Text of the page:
Viktor Yanukovych won the Ukrainian presidency in 2010 elections that were widely believed to have conformed to international standards according to foreign observers. The thing to do would have been to congratulate him and the Ukrainian people on a fair election, and offer assistance upon request. But the U.S. was wary of Yanukovych, worried he might not easily be tamed. (Sample American punditry at the time: “The Ukrainians need to expand their relationship with the International Monetary Fund.”)

He didn’t. Finally, in November 2013, Yanukovych sealed his fate by siding with neighboring Russia over a pending EU association agreement — thus rejecting closer ties to the West and the United States. Street protests that led to Yanukovych’s ouster in February 2014 were likely indigenous, but would almost certainly not have succeeded in driving the president into exile without the flow of hundreds of millions of dollars in covert U.S. funding to the Maidan organizers.

Though more of a money-motivated oligarch than a creature of the far right, current Ukrainian president Petro Poroshenko has repeatedly demonstrated his willingness to accommodate right-wing factions, including neo-fascists, in Ukraine. Moreover, whatever you think of Poroshenko, he is not the legitimate ruler of the country. Nevertheless, President Obama has recognized him as such and offered economic and military hardware in his civil war against Russian-speaking separatists in the eastern part of the country.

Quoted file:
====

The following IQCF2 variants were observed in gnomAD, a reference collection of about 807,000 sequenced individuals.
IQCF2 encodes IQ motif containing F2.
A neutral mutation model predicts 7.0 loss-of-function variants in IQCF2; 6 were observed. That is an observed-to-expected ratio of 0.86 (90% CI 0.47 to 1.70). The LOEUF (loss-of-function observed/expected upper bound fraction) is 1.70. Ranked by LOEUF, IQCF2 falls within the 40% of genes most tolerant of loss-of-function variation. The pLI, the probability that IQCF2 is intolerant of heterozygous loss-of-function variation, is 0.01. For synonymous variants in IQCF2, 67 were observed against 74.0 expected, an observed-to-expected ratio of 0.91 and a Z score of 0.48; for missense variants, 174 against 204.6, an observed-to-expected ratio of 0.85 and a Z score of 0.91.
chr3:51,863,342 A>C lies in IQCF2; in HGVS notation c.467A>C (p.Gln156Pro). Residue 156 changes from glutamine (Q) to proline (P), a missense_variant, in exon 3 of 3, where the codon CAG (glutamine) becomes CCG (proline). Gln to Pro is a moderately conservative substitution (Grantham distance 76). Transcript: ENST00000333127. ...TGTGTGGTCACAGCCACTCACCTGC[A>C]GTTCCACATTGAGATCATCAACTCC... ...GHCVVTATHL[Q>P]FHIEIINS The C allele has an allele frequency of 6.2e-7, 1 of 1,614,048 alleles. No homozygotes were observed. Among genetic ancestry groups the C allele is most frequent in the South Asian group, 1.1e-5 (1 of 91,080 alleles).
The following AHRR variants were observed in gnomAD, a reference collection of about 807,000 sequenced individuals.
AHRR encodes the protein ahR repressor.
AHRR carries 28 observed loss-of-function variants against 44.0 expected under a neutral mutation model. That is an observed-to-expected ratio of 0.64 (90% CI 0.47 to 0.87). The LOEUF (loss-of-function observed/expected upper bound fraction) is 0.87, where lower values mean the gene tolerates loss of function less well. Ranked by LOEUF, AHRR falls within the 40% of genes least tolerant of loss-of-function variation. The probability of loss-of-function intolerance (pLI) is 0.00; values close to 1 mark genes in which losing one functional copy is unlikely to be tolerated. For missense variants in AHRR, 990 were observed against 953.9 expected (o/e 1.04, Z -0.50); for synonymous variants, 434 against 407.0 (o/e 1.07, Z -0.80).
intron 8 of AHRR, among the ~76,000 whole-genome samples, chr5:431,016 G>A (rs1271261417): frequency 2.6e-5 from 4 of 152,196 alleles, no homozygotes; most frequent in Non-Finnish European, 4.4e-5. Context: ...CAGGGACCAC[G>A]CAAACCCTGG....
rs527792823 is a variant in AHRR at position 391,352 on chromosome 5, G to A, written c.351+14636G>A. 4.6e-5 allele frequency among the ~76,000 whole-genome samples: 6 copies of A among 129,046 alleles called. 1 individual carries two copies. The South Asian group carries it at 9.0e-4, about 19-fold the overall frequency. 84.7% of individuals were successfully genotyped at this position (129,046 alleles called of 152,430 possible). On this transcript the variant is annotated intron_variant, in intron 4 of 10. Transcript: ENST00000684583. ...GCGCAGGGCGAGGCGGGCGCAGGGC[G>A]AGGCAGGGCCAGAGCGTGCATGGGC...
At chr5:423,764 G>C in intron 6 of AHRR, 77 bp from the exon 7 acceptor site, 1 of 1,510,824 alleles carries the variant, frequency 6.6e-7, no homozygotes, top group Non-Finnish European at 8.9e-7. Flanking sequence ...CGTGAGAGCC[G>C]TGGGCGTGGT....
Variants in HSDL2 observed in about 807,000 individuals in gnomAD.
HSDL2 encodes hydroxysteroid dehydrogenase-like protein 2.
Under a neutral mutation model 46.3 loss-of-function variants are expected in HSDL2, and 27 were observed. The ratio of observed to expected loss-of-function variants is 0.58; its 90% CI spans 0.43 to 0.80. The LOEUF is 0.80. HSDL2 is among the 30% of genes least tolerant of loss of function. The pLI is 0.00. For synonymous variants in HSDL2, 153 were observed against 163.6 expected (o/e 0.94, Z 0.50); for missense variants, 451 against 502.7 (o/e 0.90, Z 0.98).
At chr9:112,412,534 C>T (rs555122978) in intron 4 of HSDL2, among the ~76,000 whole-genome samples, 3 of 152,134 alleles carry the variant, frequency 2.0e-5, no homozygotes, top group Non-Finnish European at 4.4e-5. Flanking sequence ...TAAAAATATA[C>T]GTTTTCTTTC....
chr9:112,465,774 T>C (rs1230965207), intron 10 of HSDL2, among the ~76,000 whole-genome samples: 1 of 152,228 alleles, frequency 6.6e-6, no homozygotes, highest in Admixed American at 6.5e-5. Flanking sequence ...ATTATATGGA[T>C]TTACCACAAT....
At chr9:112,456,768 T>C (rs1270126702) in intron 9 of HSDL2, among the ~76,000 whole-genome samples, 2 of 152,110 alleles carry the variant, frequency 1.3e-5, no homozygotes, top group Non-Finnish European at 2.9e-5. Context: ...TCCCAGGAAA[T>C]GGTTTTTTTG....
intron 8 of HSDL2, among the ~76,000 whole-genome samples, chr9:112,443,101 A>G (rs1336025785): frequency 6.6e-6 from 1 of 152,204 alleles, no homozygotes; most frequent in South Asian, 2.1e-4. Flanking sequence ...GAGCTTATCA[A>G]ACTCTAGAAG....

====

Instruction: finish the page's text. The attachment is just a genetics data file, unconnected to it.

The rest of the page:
I’ll close with a quote from Noam Chomsky: “For Washington, a consistent element is that democracy and the rule of law are acceptable if and only if they serve official strategic and economic objectives. But American public attitudes on Iraq and Israel/Palestine run counter to government policy, according to polls. Therefore the question presents itself whether a genuine democracy promotion might best begin within the United States.”

(Ted Rall, syndicated writer and cartoonist, is the author of “After We Kill You, We Will Welcome You Back As Honored Guests: Unembedded in Afghanistan,” out Sept. 2. Subscribe to Ted Rall at Beacon.)

COPYRIGHT 2014 TED RALL, DISTRIBUTED BY CREATORS.COM

 

 

 

9 thoughts on “SYNDICATED COLUMN: Clueless in Gaza – We Americans Support Democracy, But Only When the Elections Go Our Way

  1. “For Washington, a consistent element is that democracy and the rule of law are acceptable if and only if they serve official strategic and economic objectives.”

    Wait … was this editorial about foreign policy or domestic policy?

  2. Pingback: Put the Outrage where it Belongs – Bridget Magnus and the World as Seen from 4'11"

  3. Ted,

    You leave out one crucial consideration. How many “terrorist” organizations do we end up, eventually, entering into full-blown normal dialogues with? 70 years ago, Japan and Germany were our mortal enemies. There were Germans in my house last year. Three very nice people. There are Japanese tourists all over New York City.

    45 years ago, we were at war with eventual-friend Vietnam. Remember that one?

    North Korea? Holy hell, first country in their with food is going to win the war in 30 seconds. Reunification of the Koreas will take place about 2 minutes later. Then we’ll all be friendly.

    Cuba? We’re all just waiting for Castro to drop dead so that we can turn the place into another tourist destination.